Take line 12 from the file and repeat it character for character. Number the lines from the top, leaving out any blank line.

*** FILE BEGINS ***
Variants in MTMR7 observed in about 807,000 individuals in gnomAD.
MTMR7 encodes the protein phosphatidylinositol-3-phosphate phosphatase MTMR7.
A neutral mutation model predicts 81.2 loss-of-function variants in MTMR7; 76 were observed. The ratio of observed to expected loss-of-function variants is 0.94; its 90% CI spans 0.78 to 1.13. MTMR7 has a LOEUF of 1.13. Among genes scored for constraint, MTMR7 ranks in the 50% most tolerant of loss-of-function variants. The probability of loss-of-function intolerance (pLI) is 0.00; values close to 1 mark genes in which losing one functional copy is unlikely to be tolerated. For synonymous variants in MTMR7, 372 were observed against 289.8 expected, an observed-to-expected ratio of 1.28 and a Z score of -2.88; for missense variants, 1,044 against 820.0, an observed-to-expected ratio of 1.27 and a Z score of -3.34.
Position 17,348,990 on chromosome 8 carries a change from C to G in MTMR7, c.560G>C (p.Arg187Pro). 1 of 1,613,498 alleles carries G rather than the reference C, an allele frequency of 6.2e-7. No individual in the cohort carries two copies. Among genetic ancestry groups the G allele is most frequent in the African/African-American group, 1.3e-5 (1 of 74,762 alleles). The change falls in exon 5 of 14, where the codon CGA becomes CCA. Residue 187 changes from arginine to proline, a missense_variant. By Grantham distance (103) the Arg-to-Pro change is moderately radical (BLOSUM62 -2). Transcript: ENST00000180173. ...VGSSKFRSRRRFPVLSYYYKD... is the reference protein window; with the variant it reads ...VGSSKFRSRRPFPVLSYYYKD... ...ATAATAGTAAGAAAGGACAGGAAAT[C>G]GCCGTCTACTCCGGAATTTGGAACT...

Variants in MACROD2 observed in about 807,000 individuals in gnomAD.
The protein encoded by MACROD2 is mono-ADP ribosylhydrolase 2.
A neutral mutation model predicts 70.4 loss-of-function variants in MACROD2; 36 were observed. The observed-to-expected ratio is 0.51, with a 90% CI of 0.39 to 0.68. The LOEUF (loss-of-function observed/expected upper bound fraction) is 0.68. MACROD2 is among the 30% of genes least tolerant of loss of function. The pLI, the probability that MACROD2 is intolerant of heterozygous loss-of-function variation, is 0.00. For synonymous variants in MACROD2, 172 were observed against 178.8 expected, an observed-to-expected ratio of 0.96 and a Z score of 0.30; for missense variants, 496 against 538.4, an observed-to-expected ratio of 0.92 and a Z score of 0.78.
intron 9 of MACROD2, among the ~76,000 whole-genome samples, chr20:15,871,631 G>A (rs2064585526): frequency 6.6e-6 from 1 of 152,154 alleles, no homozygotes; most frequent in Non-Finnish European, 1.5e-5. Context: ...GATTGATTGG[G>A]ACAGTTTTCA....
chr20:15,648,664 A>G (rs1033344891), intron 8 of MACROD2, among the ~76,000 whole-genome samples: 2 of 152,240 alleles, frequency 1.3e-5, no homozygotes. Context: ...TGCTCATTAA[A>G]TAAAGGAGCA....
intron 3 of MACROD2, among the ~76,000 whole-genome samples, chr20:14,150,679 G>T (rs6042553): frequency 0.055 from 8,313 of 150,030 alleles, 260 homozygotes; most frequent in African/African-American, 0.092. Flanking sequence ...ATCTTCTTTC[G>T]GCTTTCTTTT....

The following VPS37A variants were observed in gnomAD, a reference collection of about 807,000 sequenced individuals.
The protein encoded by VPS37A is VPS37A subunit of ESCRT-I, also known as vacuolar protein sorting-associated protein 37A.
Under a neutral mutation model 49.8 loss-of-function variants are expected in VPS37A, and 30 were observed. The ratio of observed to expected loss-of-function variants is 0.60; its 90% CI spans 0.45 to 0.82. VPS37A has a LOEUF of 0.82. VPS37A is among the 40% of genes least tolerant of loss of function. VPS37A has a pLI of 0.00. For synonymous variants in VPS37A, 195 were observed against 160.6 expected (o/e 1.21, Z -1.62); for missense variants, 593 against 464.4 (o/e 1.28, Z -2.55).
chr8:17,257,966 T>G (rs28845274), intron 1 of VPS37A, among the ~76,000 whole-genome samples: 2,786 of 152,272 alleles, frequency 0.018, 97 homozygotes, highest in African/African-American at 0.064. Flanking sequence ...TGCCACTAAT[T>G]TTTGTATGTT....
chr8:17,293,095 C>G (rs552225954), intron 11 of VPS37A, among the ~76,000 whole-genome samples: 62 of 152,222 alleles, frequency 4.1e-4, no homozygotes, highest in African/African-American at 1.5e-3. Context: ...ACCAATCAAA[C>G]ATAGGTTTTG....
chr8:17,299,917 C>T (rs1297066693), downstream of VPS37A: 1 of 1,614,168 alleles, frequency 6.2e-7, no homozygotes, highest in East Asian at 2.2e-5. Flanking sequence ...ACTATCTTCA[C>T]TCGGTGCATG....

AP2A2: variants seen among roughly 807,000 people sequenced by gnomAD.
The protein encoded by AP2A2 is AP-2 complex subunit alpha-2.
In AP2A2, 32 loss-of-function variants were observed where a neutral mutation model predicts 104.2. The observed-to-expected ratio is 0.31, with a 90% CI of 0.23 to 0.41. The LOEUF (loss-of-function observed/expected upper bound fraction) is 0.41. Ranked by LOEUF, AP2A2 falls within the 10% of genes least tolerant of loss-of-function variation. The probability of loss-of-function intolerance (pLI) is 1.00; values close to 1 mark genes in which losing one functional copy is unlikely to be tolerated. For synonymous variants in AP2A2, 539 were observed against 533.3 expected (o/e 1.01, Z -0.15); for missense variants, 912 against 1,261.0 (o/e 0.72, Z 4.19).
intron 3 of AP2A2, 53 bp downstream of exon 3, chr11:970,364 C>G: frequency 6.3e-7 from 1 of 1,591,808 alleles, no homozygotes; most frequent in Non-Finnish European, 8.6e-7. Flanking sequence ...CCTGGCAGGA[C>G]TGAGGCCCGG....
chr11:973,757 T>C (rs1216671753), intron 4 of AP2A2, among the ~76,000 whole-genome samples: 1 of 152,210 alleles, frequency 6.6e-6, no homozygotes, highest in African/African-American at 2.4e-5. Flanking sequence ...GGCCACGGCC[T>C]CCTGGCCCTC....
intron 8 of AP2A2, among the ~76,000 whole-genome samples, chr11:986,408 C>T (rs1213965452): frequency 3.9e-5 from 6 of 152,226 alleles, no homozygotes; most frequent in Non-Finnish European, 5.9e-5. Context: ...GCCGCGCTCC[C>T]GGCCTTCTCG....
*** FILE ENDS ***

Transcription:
The protein encoded by VPS37A is VPS37A subunit of ESCRT-I, also known as vacuolar protein sorting-associated protein 37A.